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Ask a thousand questions

In my house we are *obsessed* with the soundtrack to Roald Dahl’s Matilda the Musical. Especially “School Song,” a clever track that follows the alphabet as young prefects tell an even younger Matilda how to survive at a school ruled by a tyrannical headmistress.

And after learning about two big events in higher ed — the disruptions of a conservative judge’s talk at Stanford Law School and a bill that would ban DEI programs and any major or minor “associated with Critical Theory" in Florida’s public universities — these lyrics have a whole new meaning: Like you I was Q-rious So innocent I R-sked a thousand questions But unl-S you want to suffer listen up and I will T-ch you a thing or two U listen here, my dear You’ll be punished so se-V-rely if you step out of line And if you cry it will be W should stay out of trouble And remember to be X-tremely careful I spoke to a class at Stanford Law School last fall and am headed to the University of Florida and the University of Southern Florida this weekend. Things are extra tense at all three schools right now, and I can’t help but think of Matilda, a budding genius who just wants to learn while everyone around her plays offense, defense, or hides. The events at Stanford and Florida universities are wildly different in scope and scale but share one thing in common: incuriosity. At Stanford, students scared for the rights of LGBTQ people believed the way to challenge a judge they disagree with was to use their voices to shut him down. And in Florida, politicians scared for the integrity of education believe the way to challenge curriculums they disagree with is to use legislation to shut them down. I think both groups are wrong — not about their concerns, which everyone can learn from, but about their methods. In an incurious climate, force appears to win. But in reality, everyone loses. How does curiosity start? By turning our assumptions into questions — a thousand questions, if necessary. Here’s hoping that students, politicians, and everyone else can ask them… and soon.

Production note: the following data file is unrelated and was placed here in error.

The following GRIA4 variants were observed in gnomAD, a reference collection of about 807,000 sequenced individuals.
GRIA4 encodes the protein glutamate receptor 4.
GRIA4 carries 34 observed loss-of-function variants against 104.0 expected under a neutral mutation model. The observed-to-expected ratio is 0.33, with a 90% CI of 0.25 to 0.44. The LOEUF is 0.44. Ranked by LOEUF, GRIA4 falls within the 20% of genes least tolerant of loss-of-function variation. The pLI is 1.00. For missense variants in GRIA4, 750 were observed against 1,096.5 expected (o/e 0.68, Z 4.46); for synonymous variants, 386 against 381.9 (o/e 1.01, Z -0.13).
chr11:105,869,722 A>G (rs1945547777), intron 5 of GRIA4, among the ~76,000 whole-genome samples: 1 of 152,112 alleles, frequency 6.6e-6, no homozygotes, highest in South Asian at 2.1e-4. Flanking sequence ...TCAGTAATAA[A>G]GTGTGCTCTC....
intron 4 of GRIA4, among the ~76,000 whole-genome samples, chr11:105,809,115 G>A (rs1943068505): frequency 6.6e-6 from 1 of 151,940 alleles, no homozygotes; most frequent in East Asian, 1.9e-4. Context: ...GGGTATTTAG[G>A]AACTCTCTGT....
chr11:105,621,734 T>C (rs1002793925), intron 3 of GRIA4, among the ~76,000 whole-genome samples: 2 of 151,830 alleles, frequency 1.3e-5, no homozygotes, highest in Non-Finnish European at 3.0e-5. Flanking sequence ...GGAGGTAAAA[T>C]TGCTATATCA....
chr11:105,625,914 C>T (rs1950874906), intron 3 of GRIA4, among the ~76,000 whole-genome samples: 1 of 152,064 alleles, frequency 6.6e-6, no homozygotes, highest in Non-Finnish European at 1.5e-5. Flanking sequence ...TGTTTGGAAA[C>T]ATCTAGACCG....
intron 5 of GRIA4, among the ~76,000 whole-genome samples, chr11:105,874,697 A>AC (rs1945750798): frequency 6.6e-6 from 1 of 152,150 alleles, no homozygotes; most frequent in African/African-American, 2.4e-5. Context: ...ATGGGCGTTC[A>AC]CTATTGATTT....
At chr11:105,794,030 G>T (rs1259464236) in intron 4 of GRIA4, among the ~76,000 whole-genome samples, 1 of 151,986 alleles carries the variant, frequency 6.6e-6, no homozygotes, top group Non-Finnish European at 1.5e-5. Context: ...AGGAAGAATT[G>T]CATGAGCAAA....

— Moni


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